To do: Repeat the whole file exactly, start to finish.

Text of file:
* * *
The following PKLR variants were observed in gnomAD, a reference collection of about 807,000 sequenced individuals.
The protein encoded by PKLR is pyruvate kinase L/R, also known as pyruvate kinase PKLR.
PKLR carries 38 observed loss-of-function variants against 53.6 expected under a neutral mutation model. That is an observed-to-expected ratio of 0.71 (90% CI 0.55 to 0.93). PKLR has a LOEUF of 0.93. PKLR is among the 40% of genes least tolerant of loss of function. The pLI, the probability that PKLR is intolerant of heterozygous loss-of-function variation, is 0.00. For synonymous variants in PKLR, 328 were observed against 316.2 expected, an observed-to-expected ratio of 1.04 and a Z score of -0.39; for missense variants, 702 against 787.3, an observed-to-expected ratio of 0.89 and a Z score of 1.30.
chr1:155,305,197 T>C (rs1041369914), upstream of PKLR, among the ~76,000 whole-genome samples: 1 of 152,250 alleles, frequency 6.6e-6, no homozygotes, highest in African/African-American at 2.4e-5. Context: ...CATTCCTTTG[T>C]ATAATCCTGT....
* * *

The following PKLR variants were observed in gnomAD, a reference collection of about 807,000 sequenced individuals.
The protein encoded by PKLR is pyruvate kinase L/R, also known as pyruvate kinase PKLR.
PKLR carries 38 observed loss-of-function variants against 53.6 expected under a neutral mutation model. That is an observed-to-expected ratio of 0.71 (90% CI 0.55 to 0.93). PKLR has a LOEUF of 0.93. PKLR is among the 40% of genes least tolerant of loss of function. The pLI, the probability that PKLR is intolerant of heterozygous loss-of-function variation, is 0.00. For synonymous variants in PKLR, 328 were observed against 316.2 expected, an observed-to-expected ratio of 1.04 and a Z score of -0.39; for missense variants, 702 against 787.3, an observed-to-expected ratio of 0.89 and a Z score of 1.30.
chr1:155,305,197 T>C (rs1041369914), upstream of PKLR, among the ~76,000 whole-genome samples: 1 of 152,250 alleles, frequency 6.6e-6, no homozygotes, highest in African/African-American at 2.4e-5. Context: ...CATTCCTTTG[T>C]ATAATCCTGT....